Intellectual property theft costs Americans hundreds of billions of dollars each year. Kim Tignor of the Lawyers' Committee for Civil Rights Under Law
discusses IP rights and protections, along with efforts to educate and support minority communities to prevent theft of creative works and ideas.
Traynham: Intellectual property theft costs the United States upwards of $600 billion per year in losses. Hello, everyone and welcome to "Comcast Newsmakers." I´m Robert Traynham. Joining me is Kim Tignor, director of public policy with the Lawyers´ Committee for Civil Rights Under Law. Kim, welcome to the program.
Tignor: Thank you for having me.
Traynham: So that´s a real number that I mentioned just 20 seconds ago. That´s a lot of money. And it´s a lot of money, not only for the people that are selling their goods, but it´s a lot of money on the legal system and so forth. And also, quite frankly, look, if you create something, there are laws in this country to protect that. So walk me through specifically some of the programs that you´re working on.
Tignor: Yeah, so earlier this year -- or actually in 2017, the Lawyers´ Committee launched an initiative called Creative Control. And Creative Control is essentially a community of entrepreneurs, creators, intellectual property lawyers, and policy experts that are just all coming together and working to level the field as far as intellectual property rights and policy engagement.
Traynham: So here´s what I think -- tell me if I´m off base or not -- is that when you take a look at this whole intellectual property conversation, communities of color are underrepresented. Young people are underrepresented -- full stop. Is that a fair assumption?
Tignor: That is a fair -- that is an accurate statement.
Traynham: And so is there anything that you´re doing to level the playing field?
Tignor: Yeah, so one of the things that we do, and I think that it´s one of our most popular aspects of the work that we do, our I.P. clinics. And at our I.P. clinics, we bring together I.P. experts, so that is both legal experts and policy experts to come and discuss. We have amazing panels that we then invite -- we´re very in touch, and we invite the arts community, the entrepreneur communities within the city to come and have these discussions. And then at the same time, we have legal sessions going on. So, literally, for free, you can have a 30-minute legal session with an I.P. attorney, just to kind of make sure that you will be thoughtful about how you can protect your -- be it a business that you´re thinking about starting or something that you need to trademark -- just things that you should be thinking about early on.
Traynham: And, you know, Kim, to use -- to go back for a second, could that be a motto, could that be a drawing, could that be just an idea?
Tignor: That´s right.
Traynham: It´s all of those things for those of you who perhaps are watching right now, and you´re probably asking yourself the question, well, what does that look like, what does that mean? If I create a really cool drawing and I think perhaps maybe it should be on my lapel, i.e. a Ralph Lauren Polo, or perhaps maybe it is this really cool, unique innovative idea, you´re saying that there is a clinic now that perhaps can help me protect that idea that I have so that no one else steals it.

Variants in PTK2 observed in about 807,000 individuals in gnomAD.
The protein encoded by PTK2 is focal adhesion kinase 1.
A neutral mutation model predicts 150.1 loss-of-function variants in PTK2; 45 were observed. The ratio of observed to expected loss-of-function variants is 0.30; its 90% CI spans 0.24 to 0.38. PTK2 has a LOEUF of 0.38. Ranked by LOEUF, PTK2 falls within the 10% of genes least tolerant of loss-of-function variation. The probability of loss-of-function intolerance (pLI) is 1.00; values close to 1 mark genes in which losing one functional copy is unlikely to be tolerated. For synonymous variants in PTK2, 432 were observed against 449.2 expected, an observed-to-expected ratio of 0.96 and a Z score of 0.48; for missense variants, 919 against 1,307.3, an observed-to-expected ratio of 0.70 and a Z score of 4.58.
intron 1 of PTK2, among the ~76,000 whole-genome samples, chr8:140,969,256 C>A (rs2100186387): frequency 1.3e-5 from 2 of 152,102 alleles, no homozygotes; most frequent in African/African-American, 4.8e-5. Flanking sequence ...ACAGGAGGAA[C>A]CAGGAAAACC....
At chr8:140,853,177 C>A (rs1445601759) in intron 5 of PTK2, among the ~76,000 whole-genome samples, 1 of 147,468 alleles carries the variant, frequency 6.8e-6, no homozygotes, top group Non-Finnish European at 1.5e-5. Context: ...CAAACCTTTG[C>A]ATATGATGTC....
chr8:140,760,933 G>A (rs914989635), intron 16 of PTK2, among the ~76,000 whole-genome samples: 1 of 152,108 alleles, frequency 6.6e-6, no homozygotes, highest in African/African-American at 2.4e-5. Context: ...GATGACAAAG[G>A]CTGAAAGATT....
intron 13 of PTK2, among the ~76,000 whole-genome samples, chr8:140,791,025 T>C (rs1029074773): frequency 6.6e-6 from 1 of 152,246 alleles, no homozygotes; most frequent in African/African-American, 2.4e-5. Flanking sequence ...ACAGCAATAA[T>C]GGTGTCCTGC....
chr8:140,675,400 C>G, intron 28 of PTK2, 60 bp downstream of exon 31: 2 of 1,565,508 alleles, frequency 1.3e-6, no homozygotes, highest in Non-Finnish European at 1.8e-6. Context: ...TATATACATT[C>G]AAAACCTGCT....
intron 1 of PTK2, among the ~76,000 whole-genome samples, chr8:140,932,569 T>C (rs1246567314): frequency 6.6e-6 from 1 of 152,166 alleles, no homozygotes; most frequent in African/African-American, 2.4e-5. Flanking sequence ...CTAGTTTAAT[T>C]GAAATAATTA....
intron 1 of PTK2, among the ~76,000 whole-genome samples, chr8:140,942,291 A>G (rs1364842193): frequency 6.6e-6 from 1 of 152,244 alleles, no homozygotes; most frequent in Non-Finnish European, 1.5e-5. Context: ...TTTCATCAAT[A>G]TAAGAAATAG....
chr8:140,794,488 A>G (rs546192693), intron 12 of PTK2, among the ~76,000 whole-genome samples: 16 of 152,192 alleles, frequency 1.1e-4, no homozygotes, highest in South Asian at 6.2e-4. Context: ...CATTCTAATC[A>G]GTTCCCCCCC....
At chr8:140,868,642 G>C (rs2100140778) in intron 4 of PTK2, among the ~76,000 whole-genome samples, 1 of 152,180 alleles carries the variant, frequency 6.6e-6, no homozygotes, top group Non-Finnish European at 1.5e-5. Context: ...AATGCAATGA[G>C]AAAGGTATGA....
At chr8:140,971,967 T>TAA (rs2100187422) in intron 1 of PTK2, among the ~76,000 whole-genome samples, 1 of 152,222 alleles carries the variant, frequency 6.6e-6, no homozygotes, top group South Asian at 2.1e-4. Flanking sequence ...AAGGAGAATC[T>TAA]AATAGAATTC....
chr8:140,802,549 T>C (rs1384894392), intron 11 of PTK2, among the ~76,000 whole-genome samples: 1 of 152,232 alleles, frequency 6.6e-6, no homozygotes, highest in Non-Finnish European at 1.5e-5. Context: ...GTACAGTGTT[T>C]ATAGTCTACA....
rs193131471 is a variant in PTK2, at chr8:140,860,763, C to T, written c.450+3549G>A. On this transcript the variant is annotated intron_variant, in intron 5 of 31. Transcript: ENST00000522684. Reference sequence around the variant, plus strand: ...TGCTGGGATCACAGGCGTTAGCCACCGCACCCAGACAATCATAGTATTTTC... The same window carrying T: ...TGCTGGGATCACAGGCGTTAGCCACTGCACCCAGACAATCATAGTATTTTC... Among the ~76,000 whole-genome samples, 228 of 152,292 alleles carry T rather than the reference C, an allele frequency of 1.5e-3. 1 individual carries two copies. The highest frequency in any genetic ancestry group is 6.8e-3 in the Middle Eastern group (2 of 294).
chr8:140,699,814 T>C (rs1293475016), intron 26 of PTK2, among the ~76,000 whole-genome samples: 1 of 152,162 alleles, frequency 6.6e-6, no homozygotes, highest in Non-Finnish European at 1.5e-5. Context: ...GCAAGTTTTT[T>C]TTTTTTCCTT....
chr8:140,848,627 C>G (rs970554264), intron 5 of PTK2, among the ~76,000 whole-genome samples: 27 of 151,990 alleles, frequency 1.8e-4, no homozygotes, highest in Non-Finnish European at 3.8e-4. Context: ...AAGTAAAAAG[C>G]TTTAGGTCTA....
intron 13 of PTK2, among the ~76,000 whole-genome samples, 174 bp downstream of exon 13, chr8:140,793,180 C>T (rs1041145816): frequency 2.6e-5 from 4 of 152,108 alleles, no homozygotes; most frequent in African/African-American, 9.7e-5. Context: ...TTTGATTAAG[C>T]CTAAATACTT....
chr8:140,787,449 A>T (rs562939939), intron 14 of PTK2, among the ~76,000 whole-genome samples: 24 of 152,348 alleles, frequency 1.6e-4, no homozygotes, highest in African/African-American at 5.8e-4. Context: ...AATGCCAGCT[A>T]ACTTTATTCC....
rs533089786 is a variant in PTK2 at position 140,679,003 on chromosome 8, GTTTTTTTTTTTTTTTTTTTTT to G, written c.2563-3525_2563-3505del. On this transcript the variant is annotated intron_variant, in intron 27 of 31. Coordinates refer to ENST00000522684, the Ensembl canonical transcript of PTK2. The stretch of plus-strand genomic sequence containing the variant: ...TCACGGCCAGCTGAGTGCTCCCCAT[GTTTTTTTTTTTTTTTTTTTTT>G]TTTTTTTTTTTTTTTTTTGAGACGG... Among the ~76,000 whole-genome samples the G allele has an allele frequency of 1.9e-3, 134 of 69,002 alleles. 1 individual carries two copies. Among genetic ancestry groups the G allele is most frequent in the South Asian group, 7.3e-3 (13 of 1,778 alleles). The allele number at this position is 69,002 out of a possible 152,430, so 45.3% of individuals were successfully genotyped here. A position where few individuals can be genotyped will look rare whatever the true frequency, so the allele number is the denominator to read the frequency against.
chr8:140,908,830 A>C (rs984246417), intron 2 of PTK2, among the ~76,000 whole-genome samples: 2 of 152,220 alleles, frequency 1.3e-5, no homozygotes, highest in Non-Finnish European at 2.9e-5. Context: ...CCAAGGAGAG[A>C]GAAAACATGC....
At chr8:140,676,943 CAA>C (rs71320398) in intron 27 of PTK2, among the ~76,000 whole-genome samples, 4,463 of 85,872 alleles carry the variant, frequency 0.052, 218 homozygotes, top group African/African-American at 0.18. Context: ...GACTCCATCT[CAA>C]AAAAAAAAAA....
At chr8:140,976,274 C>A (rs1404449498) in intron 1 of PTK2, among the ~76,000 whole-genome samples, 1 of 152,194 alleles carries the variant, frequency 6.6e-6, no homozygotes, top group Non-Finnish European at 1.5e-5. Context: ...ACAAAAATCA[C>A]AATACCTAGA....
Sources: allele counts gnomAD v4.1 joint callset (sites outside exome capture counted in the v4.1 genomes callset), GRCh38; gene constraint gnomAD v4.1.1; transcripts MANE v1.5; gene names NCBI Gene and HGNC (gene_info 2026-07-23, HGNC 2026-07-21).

Tignor: And that´s exactly right. And I think that what we find is that, you know, especially in these underrepresented communities, there´s just so much innovation, there´s so much creativity and amazing things coming out. But the problem is is that folks don´t start thinking about these protections until someone´s already trying to take it from them.
Traynham: Yeah, and you -- at that time, the toothpaste is out of the tube. It´s very hard to get it back.
Tignor: That´s exactly right.
Tignor: That´s exactly right. And, you know, it´s just one of those things. We had an event recently in Washington, D.C. We had over 300 young creatives come to have these conversations, and it was just fantastic. It was a Thursday evening, it was a packed room, and it was silent as these folks just sat there. We had folks taking notes -- it was a really powerful experience. Great, great conversations and a powerful experience to just see all these folks coming together and really thinking through how we can protect the great ideas that are coming out of the community.
Traynham: Very good to know, Kim. Again, I want to address the folks that are watching, wherever you may be. Let´s say, hypothetically, you´re drawing a purse or perhaps maybe a dress or perhaps maybe a new bow tie -- whatever the case may be, if it´s your idea and you don´t know exactly where to go, Kim, where can they go to perhaps maybe get more information about this I.P. clinic?
Tignor: Well, they can come and visit our website -- www.lawyerscommittee.org. And we have resources already available, and they can come to our next creative control event. We´ll be in Washington, D.C., New York City, Atlanta, and L.A.
Traynham: Very good to know. Kim Tignor, thank you very much for joining us, we really appreciate it.
Tignor: Yeah, thank you for having me.
Traynham: And thank you for watching us as well. For more great conversations with leaders in your community and across the nation, visit comcastnewsmakers.com. I´m Robert Traynham.